given the lack of similar business collaboration among the
entire value chain, it will be of great challenge to form
the same success elsewhere.
Users of i ppli, i-mode's newest Java-based enhancement, can
download maps to help them reach their business destinations
and display charts of daily stock price fluctuations. With
Java-based agent applications, mobile users can set their
terminals to receive automatic updates on weather, traffic,
and other types of information. i ppli also maximizes scheduling
efficiency by notifying mobile users instantly whenever appointments
are changed on corporate groupware. From remote locations,
mobile users can monitor the activities of staff members,
check the availability of meeting rooms, etc.
Notably, the i ppli software supports two versions of SSL
encryption (40-bit and 128-bit). This added level of available
data security should fuel a dramatic surge in the popularity
of mobile-based, financial transactions. In the future, i
ppli will offer many more conveniences; since Java's open
specifications are encouraging the development of more advanced
Now that NTT DoCoMo has introduced the high-speed multimedia
power of FOMA (freedom of mobile multimedia access), 3G mobile
services will be on greatly benefited by i-mode's business
possibilities. With i ppli, users of compact, Java-compatible
i-mode terminals can download advanced software and content
from more than 100 websites and then use the downloaded applications
or content whenever they want.
Based on the W-CDMA system, which complies with IMT-2000 an
international standard for 3G mobile communications, FOMA
is fuelling the dramatic evolution of i-mode, other Web-connection
services, and innovative applications such as i ppli. It supports
full-motion video image transmission, music and game distribution,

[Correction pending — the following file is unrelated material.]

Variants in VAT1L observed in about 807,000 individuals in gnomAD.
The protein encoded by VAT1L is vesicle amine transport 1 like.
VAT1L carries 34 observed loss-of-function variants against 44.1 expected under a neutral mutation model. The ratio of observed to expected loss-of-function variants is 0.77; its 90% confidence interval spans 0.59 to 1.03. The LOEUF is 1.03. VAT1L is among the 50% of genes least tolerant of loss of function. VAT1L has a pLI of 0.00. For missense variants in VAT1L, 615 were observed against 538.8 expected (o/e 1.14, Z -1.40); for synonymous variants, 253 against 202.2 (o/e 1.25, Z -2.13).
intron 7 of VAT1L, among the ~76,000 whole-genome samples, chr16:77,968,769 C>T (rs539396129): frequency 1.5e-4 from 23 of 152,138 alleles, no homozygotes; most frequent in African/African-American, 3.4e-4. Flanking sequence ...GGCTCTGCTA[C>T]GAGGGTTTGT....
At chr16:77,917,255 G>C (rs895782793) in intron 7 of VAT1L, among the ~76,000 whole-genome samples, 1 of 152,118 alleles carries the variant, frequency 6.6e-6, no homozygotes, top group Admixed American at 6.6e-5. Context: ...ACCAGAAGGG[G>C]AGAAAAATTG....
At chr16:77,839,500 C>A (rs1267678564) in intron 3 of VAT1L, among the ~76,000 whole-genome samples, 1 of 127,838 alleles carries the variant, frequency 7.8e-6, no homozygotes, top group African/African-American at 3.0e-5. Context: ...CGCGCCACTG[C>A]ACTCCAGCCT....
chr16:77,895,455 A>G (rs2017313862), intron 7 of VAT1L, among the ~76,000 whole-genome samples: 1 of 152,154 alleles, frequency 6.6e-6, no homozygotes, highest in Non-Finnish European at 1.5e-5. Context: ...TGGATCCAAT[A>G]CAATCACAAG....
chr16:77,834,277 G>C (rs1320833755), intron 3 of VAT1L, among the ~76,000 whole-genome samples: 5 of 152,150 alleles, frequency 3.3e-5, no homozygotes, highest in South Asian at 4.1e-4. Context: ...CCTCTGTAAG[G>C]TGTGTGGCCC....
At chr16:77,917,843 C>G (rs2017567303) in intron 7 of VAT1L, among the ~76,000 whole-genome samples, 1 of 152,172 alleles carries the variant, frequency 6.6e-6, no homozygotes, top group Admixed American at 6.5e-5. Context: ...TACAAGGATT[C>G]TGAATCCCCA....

and other high-speed, large-capacity data communications.
However, the most important challenge is not technology in
the growth of mobile technology but rather, in breaking the
cultural differences. How do we replicate the success of i-mode
elsewhere around the world, in particular, Asia where the
maturity of mobile technologies varies from country to country?
The task of getting all the business value chain stakeholders
to support a similar business model will not be easy, and
even difficult to justify from profitability perspective given
the various cost model in each country. Until then, i-mode
in Asia will be put on hold.
New i ppli-cation for i-mode
Launched in Jan 2001, i ppli is the result of new advances
in Japan mobile technology and NTT DoCoMo's close cooperation
in recent years with Sun Microsystems. i ppli uses the Java
platform developed by Sun for consumer
electronics and built-in devices, as well as i-mode's large
extended library, which was developed jointly by the two companies.
Since the data processing power of mobile phones is far less
than that of PCs, i-mode uses a version of Java called KVM
(K virtual machines). KVM runs on systems with relatively
low processing power. A key feature of KVM is that its security
functions are superior to those of standard Java.
So, i ppli users do not have to worry about unauthorized viewing
of their digital address books and other personal files, or
the unintentional placing of calls billable to them. Although
KVM i ppli will not directly run standard Java programs, mobile
users can easily convert many Java applications for i-mode
use with minimal changes in functionality.
Significantly, the overall architecture of the i-mode network
remains the same with the advent of i ppli. With i-mode terminals,
i ppli users can download Java applications from conventional
HTTP Internet sites just as easily as they do HTML documents,
and Java programs on i-mode terminals also use the HTTP format
for data communications. Best of all, i ppli content is graphically-rich
and simple to use, containing the kind of expressive images,
text, and sounds that are possible with Java.
CK Mah writes for Network Computing-Asian Edition